Two moments from last night's play that you just know had to be a little hard:
He's all alone.
Standing there, on the left wing. Eager.
It's not his turn. (Will it ever be his turn again?)
For now, it's certainly not.
And so, for a moment last night, with about seven minutes left in the second quarter, there was Stephon Marbury, still looking weird in Celtic green, as alone as NBA players ever get.
I wonder if he was thinking the same thing I was: That's Stephon Marbury, one of the greatest scoring point guards ever to play the game -- the biggest name in Coney Island history, an All-Star, a guy who not only had his own shoe but briefly changed the entire shoe industry.
And there he was, abandoned by Derrick Rose as his team -- the best he has ever played on -- ignored his talents to send the ball to the post. To ... Kendrick Perkins (a player prized mainly for things like rebounding and setting picks). Who was double teamed. And missed.
Four years ago, who would have ever imagined a defender leaving Stephon Marbury to double Kendrick Perkins.
Four years ago, who would have ever imagined Stephon Marbury raising his hands just a little -- hey, I'm here! -- but otherwise jogging back on defense and appearing to be totally fine with that.
Marbury (and no, I don't think we can call him Starbury right now -- maybe later) is blatantly trying hard to do the thing they said he would never be able to do: To fit in. To follow the system. To play a role.
He is playing the zestiest defense of his career. He's frustrating opponents with his strength, and jujitsu movement, on both ends. But just about every time he uses all that conditioning and wile to create some space, or an opportunity to score, he ... passes. Sometimes even when it doesn't make sense. Even when shooters aren't in rhythm. Even when the recipient isn't in scoring position.
He's learning something new. It's hard to learn anything new when you're past 30, I find. I can't imagine how tough it is after a lifetime of being taught the world revolves around you. Without for one second forgiving anything Marbury has ever done, I am pulling for him to master a team-centric second act in the NBA.
A few minutes later, a thousand miles south, the Mavericks were whooping it up on the Spurs, and Gregg Popovich did something I kind of liked: His starters had played a little more than four minutes of the third quarter, and had given up ten more points to the Mavericks. So he sat them all down, which achieved several things:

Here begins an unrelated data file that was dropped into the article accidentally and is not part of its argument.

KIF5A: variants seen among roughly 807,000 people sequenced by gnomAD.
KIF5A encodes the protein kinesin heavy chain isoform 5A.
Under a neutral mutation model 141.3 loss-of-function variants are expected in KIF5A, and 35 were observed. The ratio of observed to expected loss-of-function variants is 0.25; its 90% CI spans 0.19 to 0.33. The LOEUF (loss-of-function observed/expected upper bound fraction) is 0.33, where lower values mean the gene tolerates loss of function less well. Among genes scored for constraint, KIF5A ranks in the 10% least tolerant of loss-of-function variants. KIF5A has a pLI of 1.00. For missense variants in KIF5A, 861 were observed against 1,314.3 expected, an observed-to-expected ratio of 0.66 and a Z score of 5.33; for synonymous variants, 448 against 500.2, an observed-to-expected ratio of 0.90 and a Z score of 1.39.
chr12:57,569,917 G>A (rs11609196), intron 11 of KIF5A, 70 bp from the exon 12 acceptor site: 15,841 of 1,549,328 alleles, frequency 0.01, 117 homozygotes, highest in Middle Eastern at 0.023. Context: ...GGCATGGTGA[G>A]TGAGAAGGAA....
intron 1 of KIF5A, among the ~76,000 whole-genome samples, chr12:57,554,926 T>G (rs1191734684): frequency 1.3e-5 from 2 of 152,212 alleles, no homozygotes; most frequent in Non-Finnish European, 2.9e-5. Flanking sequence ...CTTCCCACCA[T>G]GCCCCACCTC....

It protected the starters, who can use all the rest they can get.
It gave the Spurs' second unit a chance to build some confidence. If George Hill, Jacque Vaughn, Bruce Bowen or somebody can come into a period of great play, it could be series-changing.
It made the Mavericks just a little nervous that one of those super-physical Spur bench players might injure a key Maverick.
It weirded things up, on a night when being straightforward clearly was not working for San Antonio.
It cheapened, ever so slightly, the Mavericks' likely win.
So, enter the subs.
And then, a minute later, seemingly as an after-thought, enter Fabricio Oberto, from the deepest end of the bench.
This is an adjustment. In 2005, he was the oldest rookie in NBA history, at 31. In 2007, he was a starting big man on a team that destroyed the Cavaliers in the NBA Finals. He has been a star on teams that have won the Argentine League, the Spanish League, the Copa del Rey, the ULEB cup and of course Olympic gold. Earlier this season an irregular heartbeat sidelined him for a time.
And in quick succession he has gone from champion starter throughout most of his career, to deep benchwarmer on a team that is trailing the the sixth place team in the West.
If he bumps into Stephon Marbury, I imagine the two would have a fair amount to talk about.
(Photo by Gary Dineen/NBAE via Getty Images)